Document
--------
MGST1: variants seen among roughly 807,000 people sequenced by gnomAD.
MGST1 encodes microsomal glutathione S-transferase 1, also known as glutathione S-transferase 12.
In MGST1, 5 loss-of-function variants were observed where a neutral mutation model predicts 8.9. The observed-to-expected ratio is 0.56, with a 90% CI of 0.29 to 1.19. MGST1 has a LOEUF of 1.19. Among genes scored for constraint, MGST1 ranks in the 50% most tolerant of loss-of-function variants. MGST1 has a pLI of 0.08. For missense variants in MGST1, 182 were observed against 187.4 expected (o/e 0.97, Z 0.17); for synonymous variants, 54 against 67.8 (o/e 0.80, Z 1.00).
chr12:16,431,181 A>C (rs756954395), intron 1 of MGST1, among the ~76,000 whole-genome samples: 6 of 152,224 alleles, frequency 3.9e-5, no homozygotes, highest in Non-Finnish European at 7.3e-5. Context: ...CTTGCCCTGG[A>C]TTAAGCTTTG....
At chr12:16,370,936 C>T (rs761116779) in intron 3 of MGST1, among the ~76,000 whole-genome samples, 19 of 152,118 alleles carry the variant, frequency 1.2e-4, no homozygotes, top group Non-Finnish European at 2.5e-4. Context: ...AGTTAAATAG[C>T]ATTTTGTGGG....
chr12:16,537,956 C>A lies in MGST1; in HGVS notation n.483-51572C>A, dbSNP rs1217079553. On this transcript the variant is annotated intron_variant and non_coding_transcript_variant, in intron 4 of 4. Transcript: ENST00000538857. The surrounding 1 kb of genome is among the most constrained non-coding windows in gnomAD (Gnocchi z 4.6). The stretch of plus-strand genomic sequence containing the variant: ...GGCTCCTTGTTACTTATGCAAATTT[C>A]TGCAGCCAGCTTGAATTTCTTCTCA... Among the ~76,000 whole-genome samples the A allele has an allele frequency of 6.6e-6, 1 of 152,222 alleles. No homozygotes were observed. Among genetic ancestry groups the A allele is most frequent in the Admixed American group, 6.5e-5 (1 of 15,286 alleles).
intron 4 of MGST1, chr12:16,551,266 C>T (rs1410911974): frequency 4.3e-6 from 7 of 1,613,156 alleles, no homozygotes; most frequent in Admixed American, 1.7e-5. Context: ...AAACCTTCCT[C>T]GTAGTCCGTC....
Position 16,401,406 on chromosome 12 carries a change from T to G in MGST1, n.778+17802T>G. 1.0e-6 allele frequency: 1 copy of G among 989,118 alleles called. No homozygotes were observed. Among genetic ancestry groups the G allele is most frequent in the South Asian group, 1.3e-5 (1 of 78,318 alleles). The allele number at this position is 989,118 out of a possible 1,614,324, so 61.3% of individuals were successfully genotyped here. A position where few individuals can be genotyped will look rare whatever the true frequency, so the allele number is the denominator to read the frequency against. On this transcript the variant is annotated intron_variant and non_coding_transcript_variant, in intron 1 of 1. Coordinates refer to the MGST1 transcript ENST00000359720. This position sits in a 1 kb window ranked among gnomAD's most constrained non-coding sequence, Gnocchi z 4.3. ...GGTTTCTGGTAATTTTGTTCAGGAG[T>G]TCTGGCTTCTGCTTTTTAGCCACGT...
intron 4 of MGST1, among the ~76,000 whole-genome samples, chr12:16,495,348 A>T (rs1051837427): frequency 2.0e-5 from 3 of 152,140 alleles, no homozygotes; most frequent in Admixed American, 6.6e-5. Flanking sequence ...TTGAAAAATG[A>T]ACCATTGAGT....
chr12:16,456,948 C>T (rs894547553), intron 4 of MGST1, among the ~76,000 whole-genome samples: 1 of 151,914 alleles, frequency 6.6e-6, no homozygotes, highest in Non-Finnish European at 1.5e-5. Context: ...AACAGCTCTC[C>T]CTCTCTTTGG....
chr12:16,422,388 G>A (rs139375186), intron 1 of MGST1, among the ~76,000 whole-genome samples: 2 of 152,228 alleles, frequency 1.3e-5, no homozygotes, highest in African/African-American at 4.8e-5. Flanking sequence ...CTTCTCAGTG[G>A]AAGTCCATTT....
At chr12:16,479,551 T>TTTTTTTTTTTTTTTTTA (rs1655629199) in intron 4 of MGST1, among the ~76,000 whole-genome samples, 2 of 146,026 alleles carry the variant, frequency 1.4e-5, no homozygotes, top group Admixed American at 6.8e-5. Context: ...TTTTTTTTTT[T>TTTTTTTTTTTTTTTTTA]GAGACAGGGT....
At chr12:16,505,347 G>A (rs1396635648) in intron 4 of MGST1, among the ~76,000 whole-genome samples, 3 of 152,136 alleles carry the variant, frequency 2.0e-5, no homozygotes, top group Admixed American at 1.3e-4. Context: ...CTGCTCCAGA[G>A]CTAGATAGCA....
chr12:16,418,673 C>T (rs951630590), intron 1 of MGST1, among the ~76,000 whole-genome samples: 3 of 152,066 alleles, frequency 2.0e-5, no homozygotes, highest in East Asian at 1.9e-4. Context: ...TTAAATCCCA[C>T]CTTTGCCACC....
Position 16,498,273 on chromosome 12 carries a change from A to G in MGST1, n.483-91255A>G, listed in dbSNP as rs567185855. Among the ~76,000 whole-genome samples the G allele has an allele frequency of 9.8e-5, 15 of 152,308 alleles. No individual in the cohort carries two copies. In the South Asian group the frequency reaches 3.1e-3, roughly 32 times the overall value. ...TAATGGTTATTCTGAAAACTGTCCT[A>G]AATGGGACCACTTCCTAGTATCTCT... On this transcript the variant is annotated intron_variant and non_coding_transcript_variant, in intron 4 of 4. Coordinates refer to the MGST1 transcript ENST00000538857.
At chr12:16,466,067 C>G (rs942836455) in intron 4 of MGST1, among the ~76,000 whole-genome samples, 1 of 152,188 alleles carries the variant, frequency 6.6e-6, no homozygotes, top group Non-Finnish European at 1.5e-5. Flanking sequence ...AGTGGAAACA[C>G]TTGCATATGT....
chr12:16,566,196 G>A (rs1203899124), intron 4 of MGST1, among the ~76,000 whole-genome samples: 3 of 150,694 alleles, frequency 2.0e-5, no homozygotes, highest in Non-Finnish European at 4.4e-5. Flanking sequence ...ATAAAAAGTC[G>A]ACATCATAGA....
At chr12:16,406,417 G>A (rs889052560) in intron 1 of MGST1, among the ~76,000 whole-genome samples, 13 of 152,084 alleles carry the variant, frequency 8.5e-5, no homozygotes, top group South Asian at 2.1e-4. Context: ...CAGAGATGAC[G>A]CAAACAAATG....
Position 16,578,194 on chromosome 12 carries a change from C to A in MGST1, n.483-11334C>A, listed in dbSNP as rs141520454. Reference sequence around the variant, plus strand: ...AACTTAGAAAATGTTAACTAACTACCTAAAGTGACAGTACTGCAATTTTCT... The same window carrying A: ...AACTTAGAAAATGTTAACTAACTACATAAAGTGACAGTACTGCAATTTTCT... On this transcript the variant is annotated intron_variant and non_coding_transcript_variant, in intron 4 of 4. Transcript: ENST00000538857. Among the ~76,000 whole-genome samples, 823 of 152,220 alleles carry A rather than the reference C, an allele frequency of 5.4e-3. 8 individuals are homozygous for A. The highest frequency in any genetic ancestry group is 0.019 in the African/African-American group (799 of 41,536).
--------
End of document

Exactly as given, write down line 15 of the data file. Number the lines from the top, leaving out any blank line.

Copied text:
Position 16,498,273 on chromosome 12 carries a change from A to G in MGST1, n.483-91255A>G, listed in dbSNP as rs567185855. Among the ~76,000 whole-genome samples the G allele has an allele frequency of 9.8e-5, 15 of 152,308 alleles. No individual in the cohort carries two copies. In the South Asian group the frequency reaches 3.1e-3, roughly 32 times the overall value. ...TAATGGTTATTCTGAAAACTGTCCT[A>G]AATGGGACCACTTCCTAGTATCTCT... On this transcript the variant is annotated intron_variant and non_coding_transcript_variant, in intron 4 of 4. Coordinates refer to the MGST1 transcript ENST00000538857.